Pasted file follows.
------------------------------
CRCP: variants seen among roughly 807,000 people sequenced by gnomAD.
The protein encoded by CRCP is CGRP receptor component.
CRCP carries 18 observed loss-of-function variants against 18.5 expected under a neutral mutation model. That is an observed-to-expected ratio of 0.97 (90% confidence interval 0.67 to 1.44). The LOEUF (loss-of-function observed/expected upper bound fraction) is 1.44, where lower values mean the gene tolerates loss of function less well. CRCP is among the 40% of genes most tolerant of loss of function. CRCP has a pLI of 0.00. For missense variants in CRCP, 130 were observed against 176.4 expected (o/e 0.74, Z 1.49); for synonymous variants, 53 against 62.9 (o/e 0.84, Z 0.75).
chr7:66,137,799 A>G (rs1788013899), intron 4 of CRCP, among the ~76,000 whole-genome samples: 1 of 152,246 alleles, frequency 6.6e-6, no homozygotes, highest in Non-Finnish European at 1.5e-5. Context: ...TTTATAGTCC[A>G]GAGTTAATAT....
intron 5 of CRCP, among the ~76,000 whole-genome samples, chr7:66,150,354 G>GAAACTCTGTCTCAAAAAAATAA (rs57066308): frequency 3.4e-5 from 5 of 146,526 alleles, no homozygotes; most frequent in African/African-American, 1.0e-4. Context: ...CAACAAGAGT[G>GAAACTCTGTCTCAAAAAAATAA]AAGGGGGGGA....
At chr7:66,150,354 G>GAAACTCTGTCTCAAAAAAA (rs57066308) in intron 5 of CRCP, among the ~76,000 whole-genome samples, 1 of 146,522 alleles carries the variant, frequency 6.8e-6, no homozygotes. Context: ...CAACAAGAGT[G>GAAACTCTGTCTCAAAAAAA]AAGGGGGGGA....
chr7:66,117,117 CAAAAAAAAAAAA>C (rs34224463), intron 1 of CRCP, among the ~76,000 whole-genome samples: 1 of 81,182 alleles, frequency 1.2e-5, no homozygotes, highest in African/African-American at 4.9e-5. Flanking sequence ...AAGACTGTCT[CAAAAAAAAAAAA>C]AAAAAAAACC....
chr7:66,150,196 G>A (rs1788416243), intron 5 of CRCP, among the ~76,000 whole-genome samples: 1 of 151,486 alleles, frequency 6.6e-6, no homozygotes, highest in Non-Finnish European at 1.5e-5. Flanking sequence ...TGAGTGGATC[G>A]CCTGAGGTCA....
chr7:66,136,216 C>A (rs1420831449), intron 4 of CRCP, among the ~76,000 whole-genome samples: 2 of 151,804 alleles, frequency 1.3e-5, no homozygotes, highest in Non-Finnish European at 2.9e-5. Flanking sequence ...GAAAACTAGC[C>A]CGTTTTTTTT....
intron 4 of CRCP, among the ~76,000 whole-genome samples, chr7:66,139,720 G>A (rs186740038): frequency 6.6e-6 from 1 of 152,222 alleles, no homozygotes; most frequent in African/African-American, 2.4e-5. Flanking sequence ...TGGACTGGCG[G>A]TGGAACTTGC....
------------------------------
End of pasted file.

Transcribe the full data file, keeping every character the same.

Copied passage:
CRCP: variants seen among roughly 807,000 people sequenced by gnomAD.
The protein encoded by CRCP is CGRP receptor component.
CRCP carries 18 observed loss-of-function variants against 18.5 expected under a neutral mutation model. That is an observed-to-expected ratio of 0.97 (90% confidence interval 0.67 to 1.44). The LOEUF (loss-of-function observed/expected upper bound fraction) is 1.44, where lower values mean the gene tolerates loss of function less well. CRCP is among the 40% of genes most tolerant of loss of function. CRCP has a pLI of 0.00. For missense variants in CRCP, 130 were observed against 176.4 expected (o/e 0.74, Z 1.49); for synonymous variants, 53 against 62.9 (o/e 0.84, Z 0.75).
chr7:66,137,799 A>G (rs1788013899), intron 4 of CRCP, among the ~76,000 whole-genome samples: 1 of 152,246 alleles, frequency 6.6e-6, no homozygotes, highest in Non-Finnish European at 1.5e-5. Context: ...TTTATAGTCC[A>G]GAGTTAATAT....
intron 5 of CRCP, among the ~76,000 whole-genome samples, chr7:66,150,354 G>GAAACTCTGTCTCAAAAAAATAA (rs57066308): frequency 3.4e-5 from 5 of 146,526 alleles, no homozygotes; most frequent in African/African-American, 1.0e-4. Context: ...CAACAAGAGT[G>GAAACTCTGTCTCAAAAAAATAA]AAGGGGGGGA....
At chr7:66,150,354 G>GAAACTCTGTCTCAAAAAAA (rs57066308) in intron 5 of CRCP, among the ~76,000 whole-genome samples, 1 of 146,522 alleles carries the variant, frequency 6.8e-6, no homozygotes. Context: ...CAACAAGAGT[G>GAAACTCTGTCTCAAAAAAA]AAGGGGGGGA....
chr7:66,117,117 CAAAAAAAAAAAA>C (rs34224463), intron 1 of CRCP, among the ~76,000 whole-genome samples: 1 of 81,182 alleles, frequency 1.2e-5, no homozygotes, highest in African/African-American at 4.9e-5. Flanking sequence ...AAGACTGTCT[CAAAAAAAAAAAA>C]AAAAAAAACC....
chr7:66,150,196 G>A (rs1788416243), intron 5 of CRCP, among the ~76,000 whole-genome samples: 1 of 151,486 alleles, frequency 6.6e-6, no homozygotes, highest in Non-Finnish European at 1.5e-5. Flanking sequence ...TGAGTGGATC[G>A]CCTGAGGTCA....
chr7:66,136,216 C>A (rs1420831449), intron 4 of CRCP, among the ~76,000 whole-genome samples: 2 of 151,804 alleles, frequency 1.3e-5, no homozygotes, highest in Non-Finnish European at 2.9e-5. Flanking sequence ...GAAAACTAGC[C>A]CGTTTTTTTT....
intron 4 of CRCP, among the ~76,000 whole-genome samples, chr7:66,139,720 G>A (rs186740038): frequency 6.6e-6 from 1 of 152,222 alleles, no homozygotes; most frequent in African/African-American, 2.4e-5. Flanking sequence ...TGGACTGGCG[G>A]TGGAACTTGC....